After having worn the monitor for 2 hours, I have learned that you might have to tighten the cuff every hour or two (just keep an eye on the clock so that you don't attempt to tighten it as it is taking your blood pressure) and, it doesn't show the readings it is taking on screen in real time... you have to wait until you see your doctor to get your results.
Initially, wearing the monitor might be a little scary as it tends to tighten with little warning. I know that I randomly screamed when it happened the first hour after I arrived home. In the second hour, I picked up on a subtle tip that my monitor seems to use to tell me that it's going to operate in the seconds immediately leading up to the cuff inflating. If I relax in the same way as I do when I am working, I can feel the cuff take in a slight puff of air before it pauses for a second. That is my cue to extend my arm because it's going to inflate.
I'm currently working on this stage in the process.
Author's personal experience edit:- It's 5am on December 1st 2017, and my monitor didn't activate this hour, I felt the initial puff of air going into the cuff that demonstrates that it's about to inflate, then it flashed an error code. I have no idea at this stage if it will activate at 6am or not at this stage in time. I'm also left wondering if I might have to wear the monitor for another 24 hours or not. There's nothing that I can do about it for the next three hours though, since my doctor's surgery doesn't open until 8am.
I pressed the day/night button on my monitor and my cuff inflated as I expected it to do at 6am... though I no longer know if the machine thinks that I am sleeping or not.
For the final 12 hours of my Ambulatory Blood Pressure Monitoring, I found that the monitor wasn't as accurate in it's time keeping as I was informed that it would be. Some hours, it wouldn't activate at all - while other hours, it activated several times in a row. Unfortunately, I'm not sure yet if this was normal and to be expected or a result of a malfunction. I will ask about this when I get my results and update at a later time.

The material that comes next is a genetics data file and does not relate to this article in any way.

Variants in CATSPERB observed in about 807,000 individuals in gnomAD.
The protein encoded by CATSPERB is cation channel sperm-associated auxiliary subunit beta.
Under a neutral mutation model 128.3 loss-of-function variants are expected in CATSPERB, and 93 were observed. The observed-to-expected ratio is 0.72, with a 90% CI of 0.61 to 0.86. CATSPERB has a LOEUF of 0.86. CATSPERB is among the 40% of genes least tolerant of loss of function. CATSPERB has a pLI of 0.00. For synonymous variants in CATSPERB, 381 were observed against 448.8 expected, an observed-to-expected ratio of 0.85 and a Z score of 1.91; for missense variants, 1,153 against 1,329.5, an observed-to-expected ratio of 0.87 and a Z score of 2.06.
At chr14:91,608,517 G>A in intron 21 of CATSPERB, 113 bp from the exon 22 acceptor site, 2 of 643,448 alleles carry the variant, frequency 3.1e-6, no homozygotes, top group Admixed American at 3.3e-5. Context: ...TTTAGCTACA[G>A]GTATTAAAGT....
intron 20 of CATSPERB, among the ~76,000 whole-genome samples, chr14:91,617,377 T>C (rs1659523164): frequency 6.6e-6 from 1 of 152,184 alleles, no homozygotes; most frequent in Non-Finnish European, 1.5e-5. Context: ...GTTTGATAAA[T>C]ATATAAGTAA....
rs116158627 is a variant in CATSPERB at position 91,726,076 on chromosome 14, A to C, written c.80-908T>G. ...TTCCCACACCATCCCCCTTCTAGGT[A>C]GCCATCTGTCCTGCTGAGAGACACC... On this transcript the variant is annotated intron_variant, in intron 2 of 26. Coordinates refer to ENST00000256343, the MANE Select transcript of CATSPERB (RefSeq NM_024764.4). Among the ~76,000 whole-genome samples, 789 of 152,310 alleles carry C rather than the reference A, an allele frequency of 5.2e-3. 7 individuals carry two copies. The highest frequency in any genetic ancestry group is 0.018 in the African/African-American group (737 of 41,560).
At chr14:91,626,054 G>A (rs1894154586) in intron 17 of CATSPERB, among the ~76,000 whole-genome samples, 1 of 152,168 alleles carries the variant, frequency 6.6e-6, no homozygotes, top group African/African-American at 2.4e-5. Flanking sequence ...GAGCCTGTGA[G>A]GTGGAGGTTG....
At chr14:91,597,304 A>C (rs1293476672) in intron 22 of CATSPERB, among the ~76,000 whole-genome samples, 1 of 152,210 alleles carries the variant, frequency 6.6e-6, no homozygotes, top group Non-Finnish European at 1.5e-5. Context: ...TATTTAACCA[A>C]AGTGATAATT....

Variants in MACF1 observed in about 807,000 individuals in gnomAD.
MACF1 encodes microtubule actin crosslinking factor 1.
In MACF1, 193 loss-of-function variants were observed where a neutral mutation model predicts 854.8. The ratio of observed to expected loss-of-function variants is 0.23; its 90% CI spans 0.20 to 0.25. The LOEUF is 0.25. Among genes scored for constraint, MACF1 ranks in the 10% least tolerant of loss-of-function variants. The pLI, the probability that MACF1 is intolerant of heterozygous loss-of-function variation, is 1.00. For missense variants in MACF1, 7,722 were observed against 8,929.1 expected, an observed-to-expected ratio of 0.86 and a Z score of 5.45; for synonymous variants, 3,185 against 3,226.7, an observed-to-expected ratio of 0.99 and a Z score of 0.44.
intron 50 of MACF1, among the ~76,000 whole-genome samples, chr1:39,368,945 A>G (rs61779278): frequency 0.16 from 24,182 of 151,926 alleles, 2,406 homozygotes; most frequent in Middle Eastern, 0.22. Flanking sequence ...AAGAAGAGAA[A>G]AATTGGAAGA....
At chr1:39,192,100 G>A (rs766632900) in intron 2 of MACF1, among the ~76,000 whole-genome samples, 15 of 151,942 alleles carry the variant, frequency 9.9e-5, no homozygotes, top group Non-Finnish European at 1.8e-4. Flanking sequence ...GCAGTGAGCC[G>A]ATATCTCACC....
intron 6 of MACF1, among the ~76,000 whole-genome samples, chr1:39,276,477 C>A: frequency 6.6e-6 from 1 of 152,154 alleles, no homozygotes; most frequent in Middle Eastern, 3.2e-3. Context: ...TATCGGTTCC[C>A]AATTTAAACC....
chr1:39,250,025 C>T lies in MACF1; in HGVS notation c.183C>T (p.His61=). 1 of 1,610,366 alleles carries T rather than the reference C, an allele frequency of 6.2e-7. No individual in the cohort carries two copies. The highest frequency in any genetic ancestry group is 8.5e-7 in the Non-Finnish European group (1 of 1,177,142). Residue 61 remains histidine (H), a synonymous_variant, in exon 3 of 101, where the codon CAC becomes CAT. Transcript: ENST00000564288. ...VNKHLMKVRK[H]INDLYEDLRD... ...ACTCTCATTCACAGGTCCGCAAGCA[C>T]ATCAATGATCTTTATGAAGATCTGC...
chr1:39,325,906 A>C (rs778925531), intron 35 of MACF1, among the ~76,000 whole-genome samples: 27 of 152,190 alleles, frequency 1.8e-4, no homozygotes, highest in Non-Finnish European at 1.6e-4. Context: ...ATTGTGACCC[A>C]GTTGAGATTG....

My Thoughts On The Ambulatory Blood Pressure Monitoring
As far as medical tests go, I didn't mind it a whole lot - though it wasn't the most convenient of tests to go through.
I soon became a little time obsessed as I kept feeling the cuff slipping down my arm and knew that it would come off imminently if I didn't tighten it again.
The idea of this test is that you carry on life as you usually would during it, however, it is worth noting that if your monitor records high readings, you might be asked what you were doing at the time - so you might want to give intercourse and masturbation a miss if you aren't comfortable with sharing this information. Similarly, if you are likely to forget what you did on the day, you might want to take notes to remind yourself with.